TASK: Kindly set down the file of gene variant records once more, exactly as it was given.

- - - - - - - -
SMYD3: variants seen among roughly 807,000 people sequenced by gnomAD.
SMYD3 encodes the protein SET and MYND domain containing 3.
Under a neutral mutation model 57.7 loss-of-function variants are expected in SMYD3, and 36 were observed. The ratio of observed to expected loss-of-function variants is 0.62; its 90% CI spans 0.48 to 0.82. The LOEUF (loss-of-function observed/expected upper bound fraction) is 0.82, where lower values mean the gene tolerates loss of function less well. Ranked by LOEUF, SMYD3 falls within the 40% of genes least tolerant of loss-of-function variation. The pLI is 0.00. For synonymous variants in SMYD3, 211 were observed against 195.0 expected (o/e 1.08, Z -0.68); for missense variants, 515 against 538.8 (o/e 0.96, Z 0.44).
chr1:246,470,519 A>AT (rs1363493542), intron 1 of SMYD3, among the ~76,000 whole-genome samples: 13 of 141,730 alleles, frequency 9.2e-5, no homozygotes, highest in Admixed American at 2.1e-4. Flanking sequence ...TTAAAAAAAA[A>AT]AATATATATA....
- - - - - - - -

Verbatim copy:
SMYD3: variants seen among roughly 807,000 people sequenced by gnomAD.
SMYD3 encodes the protein SET and MYND domain containing 3.
Under a neutral mutation model 57.7 loss-of-function variants are expected in SMYD3, and 36 were observed. The ratio of observed to expected loss-of-function variants is 0.62; its 90% CI spans 0.48 to 0.82. The LOEUF (loss-of-function observed/expected upper bound fraction) is 0.82, where lower values mean the gene tolerates loss of function less well. Ranked by LOEUF, SMYD3 falls within the 40% of genes least tolerant of loss-of-function variation. The pLI is 0.00. For synonymous variants in SMYD3, 211 were observed against 195.0 expected (o/e 1.08, Z -0.68); for missense variants, 515 against 538.8 (o/e 0.96, Z 0.44).
chr1:246,470,519 A>AT (rs1363493542), intron 1 of SMYD3, among the ~76,000 whole-genome samples: 13 of 141,730 alleles, frequency 9.2e-5, no homozygotes, highest in Admixed American at 2.1e-4. Flanking sequence ...TTAAAAAAAA[A>AT]AATATATATA....